There was no significant difference between discharge regimens with and without OAC for either CHA2DS2-VASc scores (4.05 ± 1.30 versus 3.91 ± 1.40; t = 0.76; p = 0.22) or HAS-BLED score (2.69 ± 1.11 versus 2.71 ± 1.12; t = 0.14; p = 0.44). These results suggest that neither CHA2DS2-VASc score (Figure 2) nor HAS-BLED score have an effect on whether or not patients were discharged on OAC. Regarding the individual risk factors, no association was found between discharge on OAC and congestive heart failure, systemic hypertension, vascular disease, female gender, or diabetes mellitus (Table 2). Although there was a trend toward association, a history of stroke or transient ischemic attack was also not significantly associated with discharge on OAC (p = 0.14).

CRM1149_Doshi-f2.jpg

Figure 2: Percentage of patients with AF undergoing PCI who were prescribed oral anticoagulation on discharge for each CHA2DS2-VASc score.

Table 2: Patients on Oral Anticoagulation with Presence or Absence of Risk Factors

CRM1149_Doshi-t2.jpg

Patients who were younger than 65 years of age (average age: 57.9 years) were more likely to be anticoagulated than patients who were 65 years of age or older (average age: 76.2 years). Furthermore, the younger patients were prescribed more triple therapy (56% versus 33%; p < 0.01) or any OAC (69% versus 41%; p < 0.01) on discharge. Conversely, the older patient group had a significantly higher average CHA2DS2-VASc score (4.4 versus 3.2; p < 0.01) and a significantly higher HAS-BLED score (2.8 versus 2.4; p < 0.01). Expectedly, if a patient was admitted on OAC, they were more likely to be discharged with OAC (p < 0.01).

Discussion

The most feared and debilitating complication of nonvalvular AF is stroke. The rate of stroke in this population averages approximately 5% per year, or two to seven times the rate in those without nonvalvular AF.18 The mainstay of stroke risk management remains anticoagulation; however, the inherent risk of bleeding is a concern that has consistently led to the inconsistent management of cerebrovascular accident (CVA) risk. Nowhere is this more evident than in those patients with AF who are post-PCI and who require DAPT and OAC.

The current study has shown that only half of the study participants who met the indication for OAC for AF following PCI were actually placed on OAC. We found no correlation when we delved into whether clinical risk factors such as a history of CVA, CHA2DS2-VASc score, or HAS-BLED score correlated with the decision to discharge patients on OAC. In fact, the only two factors that had a statistically significant association with OAC on discharge were whether a patient was already on OAC prior to PCI and if they were younger than 65 years of age. These findings are in line with what’s expected in a community of physicians who lack a consensus on how to manage such individuals. Moreover, these findings seem to confirm that physicians continue to base decisions on clinical gestalt rather than on strong data supporting OAC in the context of either triple or double therapy. This is due in part to weak direction from guidelines.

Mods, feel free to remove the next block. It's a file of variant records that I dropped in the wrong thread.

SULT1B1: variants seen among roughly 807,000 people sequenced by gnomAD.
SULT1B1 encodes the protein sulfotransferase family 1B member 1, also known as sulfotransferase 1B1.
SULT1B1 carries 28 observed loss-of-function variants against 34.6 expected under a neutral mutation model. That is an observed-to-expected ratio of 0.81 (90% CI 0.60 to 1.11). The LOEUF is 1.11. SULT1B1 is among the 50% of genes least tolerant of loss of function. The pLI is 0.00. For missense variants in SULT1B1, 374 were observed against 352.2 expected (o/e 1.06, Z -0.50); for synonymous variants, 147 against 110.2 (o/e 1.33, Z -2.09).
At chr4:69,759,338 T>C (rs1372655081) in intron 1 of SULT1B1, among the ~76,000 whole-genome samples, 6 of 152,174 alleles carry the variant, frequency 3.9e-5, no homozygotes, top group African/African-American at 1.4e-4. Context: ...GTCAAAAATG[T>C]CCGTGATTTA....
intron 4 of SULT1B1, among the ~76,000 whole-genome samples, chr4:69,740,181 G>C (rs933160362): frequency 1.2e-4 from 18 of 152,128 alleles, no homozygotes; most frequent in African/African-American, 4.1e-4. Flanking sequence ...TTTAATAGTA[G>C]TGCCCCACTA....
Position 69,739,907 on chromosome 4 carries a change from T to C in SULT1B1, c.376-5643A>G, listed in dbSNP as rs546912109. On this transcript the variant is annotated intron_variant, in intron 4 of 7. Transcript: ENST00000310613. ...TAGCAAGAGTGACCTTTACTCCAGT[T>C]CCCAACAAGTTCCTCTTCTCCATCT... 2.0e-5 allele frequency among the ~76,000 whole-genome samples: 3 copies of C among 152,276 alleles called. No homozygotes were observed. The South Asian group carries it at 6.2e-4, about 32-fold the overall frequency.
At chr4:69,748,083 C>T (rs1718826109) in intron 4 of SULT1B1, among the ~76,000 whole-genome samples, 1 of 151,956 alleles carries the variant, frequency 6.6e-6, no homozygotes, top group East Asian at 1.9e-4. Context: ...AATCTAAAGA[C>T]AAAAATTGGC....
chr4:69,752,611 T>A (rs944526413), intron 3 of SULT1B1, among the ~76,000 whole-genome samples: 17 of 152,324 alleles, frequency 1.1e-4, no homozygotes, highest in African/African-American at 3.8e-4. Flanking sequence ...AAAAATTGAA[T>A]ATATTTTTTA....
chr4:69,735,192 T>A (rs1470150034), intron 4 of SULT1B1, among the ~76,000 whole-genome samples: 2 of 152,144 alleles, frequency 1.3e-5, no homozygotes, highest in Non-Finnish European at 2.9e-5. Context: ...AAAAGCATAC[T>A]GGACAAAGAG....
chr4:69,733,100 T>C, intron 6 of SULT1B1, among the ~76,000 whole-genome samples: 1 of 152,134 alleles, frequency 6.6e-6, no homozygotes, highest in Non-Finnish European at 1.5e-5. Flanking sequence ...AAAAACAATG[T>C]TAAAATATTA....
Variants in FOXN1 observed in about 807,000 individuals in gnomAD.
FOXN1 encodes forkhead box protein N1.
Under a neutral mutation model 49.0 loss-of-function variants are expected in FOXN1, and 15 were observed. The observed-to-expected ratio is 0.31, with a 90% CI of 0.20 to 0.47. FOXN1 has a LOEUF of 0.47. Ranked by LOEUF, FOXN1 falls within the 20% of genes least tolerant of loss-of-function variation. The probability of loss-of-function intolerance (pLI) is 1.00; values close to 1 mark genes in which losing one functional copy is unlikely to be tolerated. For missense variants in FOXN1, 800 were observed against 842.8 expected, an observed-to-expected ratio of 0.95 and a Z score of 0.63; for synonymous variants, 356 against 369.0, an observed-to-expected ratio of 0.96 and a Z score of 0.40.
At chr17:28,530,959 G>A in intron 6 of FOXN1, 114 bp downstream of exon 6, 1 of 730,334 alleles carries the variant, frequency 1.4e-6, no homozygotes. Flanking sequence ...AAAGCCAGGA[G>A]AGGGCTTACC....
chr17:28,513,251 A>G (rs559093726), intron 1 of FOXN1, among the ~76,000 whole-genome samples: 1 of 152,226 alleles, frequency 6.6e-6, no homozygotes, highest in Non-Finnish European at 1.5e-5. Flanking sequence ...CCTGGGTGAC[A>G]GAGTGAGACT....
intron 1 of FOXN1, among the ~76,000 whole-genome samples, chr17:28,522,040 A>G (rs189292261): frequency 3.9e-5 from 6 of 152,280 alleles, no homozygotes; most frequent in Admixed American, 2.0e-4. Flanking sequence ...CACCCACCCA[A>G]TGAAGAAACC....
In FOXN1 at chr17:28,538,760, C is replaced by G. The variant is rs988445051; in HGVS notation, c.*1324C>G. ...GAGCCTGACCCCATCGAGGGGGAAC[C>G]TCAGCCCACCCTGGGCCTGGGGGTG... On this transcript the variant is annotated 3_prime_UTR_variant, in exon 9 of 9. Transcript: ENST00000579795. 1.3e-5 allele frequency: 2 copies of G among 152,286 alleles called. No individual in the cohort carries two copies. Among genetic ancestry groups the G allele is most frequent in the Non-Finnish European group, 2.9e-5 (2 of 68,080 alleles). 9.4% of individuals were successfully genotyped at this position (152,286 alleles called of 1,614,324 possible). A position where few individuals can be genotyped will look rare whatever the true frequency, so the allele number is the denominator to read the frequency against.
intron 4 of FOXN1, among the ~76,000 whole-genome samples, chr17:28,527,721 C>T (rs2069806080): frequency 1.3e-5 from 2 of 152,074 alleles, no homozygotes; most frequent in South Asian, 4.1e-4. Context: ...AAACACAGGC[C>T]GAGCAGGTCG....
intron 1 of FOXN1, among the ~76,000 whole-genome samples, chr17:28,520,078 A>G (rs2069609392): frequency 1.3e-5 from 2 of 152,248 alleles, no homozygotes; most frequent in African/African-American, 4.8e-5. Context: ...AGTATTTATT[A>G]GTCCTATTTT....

Our study found that younger AF patients had a lower stroke risk and were more likely to be anticoagulated than older AF patients, which confirms prior findings.19 A review by Bungard et al. in 2000 found that physicians generally base their decision to anticoagulate older AF patients on the perceived risk of embolism and hemorrhage.10 Some surveyed physicians, however, noted that they have withheld anticoagulation in patients based on the belief that patients may refuse treatment or may not be compliant, although there is evidence that, when given the choice, most patients would comply with treatment.20 Nevertheless, a reduced stroke risk generally far outweighs the risk of major hemorrhage while on anticoagulation and most concerns about bleeding are generally unfounded.21 Simply put, the oldest patients with AF are those who have the highest risk of stroke and the most to gain from anticoagulation. While the risk of falls is in many cases the documented reason for withholding anticoagulation, several analyses have shown that warfarin still has a significant net protective effect against composite outcomes of out-of-hospital death or hospitalization for stroke, myocardial infarction, or hemorrhage.22 Evidence points to focusing on maintaining international normalized ratio (INR) values of 2.0 to 3.0 (therapeutic range) and ensuring proper blood pressure control as a means of mitigating intracranial hemorrhage risk, as opposed to withholding anticoagulation.23,24